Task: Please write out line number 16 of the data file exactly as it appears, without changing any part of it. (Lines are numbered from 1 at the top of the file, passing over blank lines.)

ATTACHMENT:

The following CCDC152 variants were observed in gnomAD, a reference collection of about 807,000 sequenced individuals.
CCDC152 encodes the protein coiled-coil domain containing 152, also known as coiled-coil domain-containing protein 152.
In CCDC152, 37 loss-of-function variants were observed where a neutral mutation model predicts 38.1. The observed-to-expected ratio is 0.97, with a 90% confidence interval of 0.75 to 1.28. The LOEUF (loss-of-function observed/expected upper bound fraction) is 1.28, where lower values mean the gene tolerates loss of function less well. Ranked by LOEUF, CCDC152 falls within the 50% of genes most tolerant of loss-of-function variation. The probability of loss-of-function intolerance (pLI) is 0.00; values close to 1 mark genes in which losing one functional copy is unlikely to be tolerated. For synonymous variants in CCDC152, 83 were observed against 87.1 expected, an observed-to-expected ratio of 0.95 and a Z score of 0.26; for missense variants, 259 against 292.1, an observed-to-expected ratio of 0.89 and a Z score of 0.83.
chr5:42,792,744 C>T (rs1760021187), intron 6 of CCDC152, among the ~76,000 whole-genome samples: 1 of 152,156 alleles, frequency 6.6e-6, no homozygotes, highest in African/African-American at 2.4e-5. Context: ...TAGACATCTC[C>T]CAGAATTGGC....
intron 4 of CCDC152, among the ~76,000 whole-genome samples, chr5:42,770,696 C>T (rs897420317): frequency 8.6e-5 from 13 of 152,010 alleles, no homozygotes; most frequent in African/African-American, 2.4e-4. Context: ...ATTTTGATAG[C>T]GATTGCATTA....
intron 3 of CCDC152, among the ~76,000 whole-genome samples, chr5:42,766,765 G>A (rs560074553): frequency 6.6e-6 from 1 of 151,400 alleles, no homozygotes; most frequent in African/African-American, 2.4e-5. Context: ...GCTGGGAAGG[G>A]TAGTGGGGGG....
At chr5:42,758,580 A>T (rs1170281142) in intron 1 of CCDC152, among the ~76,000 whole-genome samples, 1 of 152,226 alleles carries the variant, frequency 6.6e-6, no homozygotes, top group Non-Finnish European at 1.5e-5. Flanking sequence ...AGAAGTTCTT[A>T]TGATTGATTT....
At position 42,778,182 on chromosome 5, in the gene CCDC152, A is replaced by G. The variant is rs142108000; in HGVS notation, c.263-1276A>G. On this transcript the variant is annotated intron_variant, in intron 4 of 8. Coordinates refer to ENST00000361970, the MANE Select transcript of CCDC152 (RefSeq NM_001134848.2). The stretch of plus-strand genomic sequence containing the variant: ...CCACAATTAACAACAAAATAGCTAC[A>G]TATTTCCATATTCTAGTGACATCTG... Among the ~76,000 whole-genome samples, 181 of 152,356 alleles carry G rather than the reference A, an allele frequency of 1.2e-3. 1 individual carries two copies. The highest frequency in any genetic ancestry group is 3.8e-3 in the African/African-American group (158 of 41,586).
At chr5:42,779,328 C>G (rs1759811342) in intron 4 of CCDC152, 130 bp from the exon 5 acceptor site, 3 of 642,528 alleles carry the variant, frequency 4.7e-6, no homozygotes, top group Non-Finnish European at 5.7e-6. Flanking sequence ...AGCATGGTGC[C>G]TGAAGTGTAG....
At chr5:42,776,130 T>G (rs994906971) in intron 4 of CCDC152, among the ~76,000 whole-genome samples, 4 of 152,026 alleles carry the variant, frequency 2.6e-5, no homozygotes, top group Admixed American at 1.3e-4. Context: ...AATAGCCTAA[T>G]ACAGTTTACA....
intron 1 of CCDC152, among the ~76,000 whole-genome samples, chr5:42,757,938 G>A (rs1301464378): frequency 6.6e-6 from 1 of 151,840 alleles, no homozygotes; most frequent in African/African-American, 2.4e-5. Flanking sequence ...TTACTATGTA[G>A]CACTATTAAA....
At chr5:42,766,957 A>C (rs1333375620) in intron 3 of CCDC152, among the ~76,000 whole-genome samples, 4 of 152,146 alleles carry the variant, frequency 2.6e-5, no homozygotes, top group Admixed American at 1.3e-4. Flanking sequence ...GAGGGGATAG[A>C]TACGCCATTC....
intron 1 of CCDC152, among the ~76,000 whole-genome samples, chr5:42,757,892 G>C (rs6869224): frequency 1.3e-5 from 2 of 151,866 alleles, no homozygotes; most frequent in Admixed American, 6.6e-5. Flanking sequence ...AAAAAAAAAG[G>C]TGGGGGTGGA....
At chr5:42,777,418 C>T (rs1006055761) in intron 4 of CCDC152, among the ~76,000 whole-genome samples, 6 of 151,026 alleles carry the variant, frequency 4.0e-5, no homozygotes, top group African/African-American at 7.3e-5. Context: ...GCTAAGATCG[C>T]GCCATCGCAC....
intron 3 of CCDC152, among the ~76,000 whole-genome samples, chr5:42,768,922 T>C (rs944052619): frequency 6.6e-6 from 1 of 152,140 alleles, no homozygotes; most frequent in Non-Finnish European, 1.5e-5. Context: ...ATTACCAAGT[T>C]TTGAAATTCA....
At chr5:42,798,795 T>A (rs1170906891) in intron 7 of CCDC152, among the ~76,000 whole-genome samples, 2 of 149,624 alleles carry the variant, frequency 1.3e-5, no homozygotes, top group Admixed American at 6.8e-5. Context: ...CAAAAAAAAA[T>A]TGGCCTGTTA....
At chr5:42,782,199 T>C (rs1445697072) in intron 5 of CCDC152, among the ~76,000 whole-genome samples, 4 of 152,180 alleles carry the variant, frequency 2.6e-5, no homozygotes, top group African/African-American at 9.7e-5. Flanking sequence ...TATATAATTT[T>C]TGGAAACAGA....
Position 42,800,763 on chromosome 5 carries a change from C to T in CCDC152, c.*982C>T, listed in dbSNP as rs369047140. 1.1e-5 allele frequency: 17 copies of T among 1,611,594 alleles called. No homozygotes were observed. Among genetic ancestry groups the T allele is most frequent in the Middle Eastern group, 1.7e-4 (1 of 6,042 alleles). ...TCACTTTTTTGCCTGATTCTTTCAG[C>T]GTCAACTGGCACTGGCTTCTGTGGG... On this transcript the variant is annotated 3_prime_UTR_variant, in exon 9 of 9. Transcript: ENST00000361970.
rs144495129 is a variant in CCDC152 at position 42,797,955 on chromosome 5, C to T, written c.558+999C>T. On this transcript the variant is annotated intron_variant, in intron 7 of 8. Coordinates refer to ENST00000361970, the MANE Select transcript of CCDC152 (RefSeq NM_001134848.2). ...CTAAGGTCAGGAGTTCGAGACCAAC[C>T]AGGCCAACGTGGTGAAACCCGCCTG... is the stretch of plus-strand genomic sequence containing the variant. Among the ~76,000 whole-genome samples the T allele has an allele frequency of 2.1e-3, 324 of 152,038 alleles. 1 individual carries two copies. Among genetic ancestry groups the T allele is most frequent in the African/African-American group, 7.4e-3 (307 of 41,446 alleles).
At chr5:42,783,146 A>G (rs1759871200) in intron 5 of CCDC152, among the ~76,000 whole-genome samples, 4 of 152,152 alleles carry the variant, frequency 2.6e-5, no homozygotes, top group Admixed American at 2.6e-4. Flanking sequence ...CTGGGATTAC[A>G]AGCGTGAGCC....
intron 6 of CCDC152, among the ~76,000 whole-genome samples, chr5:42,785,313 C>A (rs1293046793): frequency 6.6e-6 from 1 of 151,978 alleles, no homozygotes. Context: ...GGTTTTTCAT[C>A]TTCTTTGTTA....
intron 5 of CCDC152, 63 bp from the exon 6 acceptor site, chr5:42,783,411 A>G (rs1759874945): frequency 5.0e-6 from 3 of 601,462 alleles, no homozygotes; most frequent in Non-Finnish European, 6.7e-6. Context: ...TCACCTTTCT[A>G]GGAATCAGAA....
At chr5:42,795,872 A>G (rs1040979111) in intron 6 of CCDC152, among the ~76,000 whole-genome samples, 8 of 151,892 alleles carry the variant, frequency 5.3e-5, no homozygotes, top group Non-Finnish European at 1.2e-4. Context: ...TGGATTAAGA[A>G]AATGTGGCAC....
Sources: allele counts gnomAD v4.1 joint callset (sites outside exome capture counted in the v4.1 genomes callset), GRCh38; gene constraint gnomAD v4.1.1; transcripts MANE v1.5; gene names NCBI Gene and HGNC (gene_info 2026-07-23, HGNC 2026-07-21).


At chr5:42,798,795 T>A (rs1170906891) in intron 7 of CCDC152, among the ~76,000 whole-genome samples, 2 of 149,624 alleles carry the variant, frequency 1.3e-5, no homozygotes, top group Admixed American at 6.8e-5. Context: ...CAAAAAAAAA[T>A]TGGCCTGTTA....